As a marine scientist, Martina Doblin has worked in some of the world's most beautiful coastal regions.
Her first voyage to Antarctica, however, is the experience that stays with her.
“When you first get into the sea ice, the ocean swell really changes. You get this dispersed ‘pancake’ ice which becomes thicker and thicker as the ship crunches its way through,” she says.
“The quietness of that initial phase where you’re floating through this ice is quite amazing.”
Associate Professor Doblin, who leads the Productive Coasts research program in UTS’s Climate Change Cluster (C3), hopes to inspire more young scientists to experience life at sea through a new collaboration between UTS and the CSIRO’s Marine National Facility.
The Marine National Facility offers education and training opportunities on board the research vessel Investigator, both when the ship is at sea and in port at Sydney’s Garden Island.
Teachers can join scientists in research at sea; primary, high school and undergraduate students can participate in the new Floating Classroom initiative; and postgraduate students can experience at-sea training with the Collaborative Australian Postgraduate Sea Training Alliance Network (CAPSTAN).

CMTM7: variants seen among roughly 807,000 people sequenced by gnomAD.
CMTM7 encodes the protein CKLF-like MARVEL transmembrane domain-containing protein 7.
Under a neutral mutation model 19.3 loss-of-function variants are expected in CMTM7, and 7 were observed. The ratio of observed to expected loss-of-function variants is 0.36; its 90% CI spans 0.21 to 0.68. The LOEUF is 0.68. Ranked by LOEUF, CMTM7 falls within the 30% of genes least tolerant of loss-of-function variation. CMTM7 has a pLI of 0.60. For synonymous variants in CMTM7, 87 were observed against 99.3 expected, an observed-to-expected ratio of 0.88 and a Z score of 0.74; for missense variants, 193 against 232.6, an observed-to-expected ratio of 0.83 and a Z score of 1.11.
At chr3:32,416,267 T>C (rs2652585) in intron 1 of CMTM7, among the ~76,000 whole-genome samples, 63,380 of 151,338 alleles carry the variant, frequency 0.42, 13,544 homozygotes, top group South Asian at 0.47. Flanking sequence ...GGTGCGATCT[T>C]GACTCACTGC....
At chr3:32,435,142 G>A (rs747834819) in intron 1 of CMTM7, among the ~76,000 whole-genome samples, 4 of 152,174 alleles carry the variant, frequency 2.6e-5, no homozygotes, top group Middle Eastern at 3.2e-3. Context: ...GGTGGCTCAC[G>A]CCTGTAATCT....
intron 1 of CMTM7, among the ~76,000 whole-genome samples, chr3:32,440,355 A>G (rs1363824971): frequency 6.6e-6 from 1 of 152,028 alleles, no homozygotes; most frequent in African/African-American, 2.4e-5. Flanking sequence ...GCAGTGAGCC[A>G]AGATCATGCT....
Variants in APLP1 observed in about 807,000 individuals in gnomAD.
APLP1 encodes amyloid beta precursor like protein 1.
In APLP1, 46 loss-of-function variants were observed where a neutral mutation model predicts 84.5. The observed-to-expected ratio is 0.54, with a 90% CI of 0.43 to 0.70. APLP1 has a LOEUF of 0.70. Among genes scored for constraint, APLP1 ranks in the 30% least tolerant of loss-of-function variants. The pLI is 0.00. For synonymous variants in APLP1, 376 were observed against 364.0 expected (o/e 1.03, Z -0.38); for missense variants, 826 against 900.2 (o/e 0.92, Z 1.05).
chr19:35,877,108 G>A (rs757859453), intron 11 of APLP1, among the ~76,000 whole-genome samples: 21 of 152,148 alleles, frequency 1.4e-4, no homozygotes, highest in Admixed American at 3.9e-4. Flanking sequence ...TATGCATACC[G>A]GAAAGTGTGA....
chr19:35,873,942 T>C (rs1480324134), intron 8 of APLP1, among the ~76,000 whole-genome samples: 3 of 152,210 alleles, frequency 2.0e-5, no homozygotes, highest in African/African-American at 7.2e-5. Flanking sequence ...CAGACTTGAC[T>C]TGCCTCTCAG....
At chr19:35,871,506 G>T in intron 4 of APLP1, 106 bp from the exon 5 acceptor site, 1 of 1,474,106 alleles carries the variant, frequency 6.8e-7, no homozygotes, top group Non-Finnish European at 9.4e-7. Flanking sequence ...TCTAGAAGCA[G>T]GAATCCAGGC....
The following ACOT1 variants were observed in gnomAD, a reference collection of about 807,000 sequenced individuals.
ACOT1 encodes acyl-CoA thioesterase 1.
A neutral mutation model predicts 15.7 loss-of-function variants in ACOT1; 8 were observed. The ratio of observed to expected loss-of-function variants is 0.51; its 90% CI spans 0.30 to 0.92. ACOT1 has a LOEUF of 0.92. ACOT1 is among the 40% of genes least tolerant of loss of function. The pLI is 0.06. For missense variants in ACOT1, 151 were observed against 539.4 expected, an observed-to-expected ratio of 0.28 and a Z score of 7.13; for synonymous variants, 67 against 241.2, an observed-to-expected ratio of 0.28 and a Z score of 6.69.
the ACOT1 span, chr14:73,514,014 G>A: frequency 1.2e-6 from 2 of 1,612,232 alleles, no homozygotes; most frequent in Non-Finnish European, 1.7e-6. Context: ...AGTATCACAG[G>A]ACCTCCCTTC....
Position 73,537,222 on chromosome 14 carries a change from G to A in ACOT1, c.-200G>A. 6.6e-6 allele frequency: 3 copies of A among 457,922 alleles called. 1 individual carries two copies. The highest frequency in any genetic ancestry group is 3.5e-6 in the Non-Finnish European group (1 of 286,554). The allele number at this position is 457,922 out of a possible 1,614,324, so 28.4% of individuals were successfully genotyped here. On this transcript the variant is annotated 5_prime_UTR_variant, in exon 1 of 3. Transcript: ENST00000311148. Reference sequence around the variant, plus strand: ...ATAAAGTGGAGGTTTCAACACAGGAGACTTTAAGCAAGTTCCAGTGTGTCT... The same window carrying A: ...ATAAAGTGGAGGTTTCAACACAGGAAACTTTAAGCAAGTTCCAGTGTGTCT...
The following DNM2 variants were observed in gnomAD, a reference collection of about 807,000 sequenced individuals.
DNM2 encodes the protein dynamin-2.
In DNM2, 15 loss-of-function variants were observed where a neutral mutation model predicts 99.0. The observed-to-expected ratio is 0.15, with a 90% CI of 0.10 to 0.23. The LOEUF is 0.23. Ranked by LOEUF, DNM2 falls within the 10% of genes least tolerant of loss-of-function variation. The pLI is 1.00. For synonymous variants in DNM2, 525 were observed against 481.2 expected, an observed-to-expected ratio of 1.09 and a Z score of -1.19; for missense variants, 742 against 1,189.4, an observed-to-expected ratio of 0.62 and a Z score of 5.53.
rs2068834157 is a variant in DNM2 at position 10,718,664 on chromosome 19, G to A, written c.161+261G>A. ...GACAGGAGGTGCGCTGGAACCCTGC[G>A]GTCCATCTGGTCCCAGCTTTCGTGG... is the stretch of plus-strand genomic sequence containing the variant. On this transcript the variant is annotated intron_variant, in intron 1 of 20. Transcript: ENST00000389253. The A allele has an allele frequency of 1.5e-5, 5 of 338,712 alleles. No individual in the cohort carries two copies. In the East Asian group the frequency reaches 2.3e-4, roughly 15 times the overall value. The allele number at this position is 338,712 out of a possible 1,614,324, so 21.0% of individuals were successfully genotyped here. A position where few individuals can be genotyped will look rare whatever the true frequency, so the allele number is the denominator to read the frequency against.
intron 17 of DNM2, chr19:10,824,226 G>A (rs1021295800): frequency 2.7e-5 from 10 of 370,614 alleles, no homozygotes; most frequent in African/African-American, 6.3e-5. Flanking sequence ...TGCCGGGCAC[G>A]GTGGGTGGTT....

Helen Hayes is one of 20 postgraduate students selected for the first CAPSTAN voyage on the Investigator which will sail from Fremantle in November, bound for Hobart.
The marine science master’s student says she is looking forward to “being in the field on a research vessel and taking what I've learnt from classes at university to the real world”.
“Who doesn't love to get their hands dirty and do some practical science, especially when fieldwork could involve observing whales and seabirds from a research vessel in the middle of the ocean?”
Undergraduate oceanography students are also able to experience life on the Investigator through the Marine National Facility’s Floating Classroom. In September, UTS students were the first in NSW, and only the second university group nationally, to participate in the program. They learnt how to sample and handle seawater and did an experiment measuring drifts and currents in preparation for conducting such experiments in a real-life situation.
Student Nick Mullins says he enjoys learning about practical applications rather than just receiving information.
“The practicals give you an idea of what you might be doing and where a job in this area could take you.”
Associate Professor Doblin says the Investigator and education programs provided by the Marine National facility are valuable resources for both researchers and students.
“I’m delighted the CAPSTAN program is available to our students because the only other way to live and work on a ship is if a supervisor or lecturer saw an opportunity and invited an interested student to assist with a research project on board.
“Now students have a great opportunity to get some experience at sea and this is something that UTS is really getting behind.”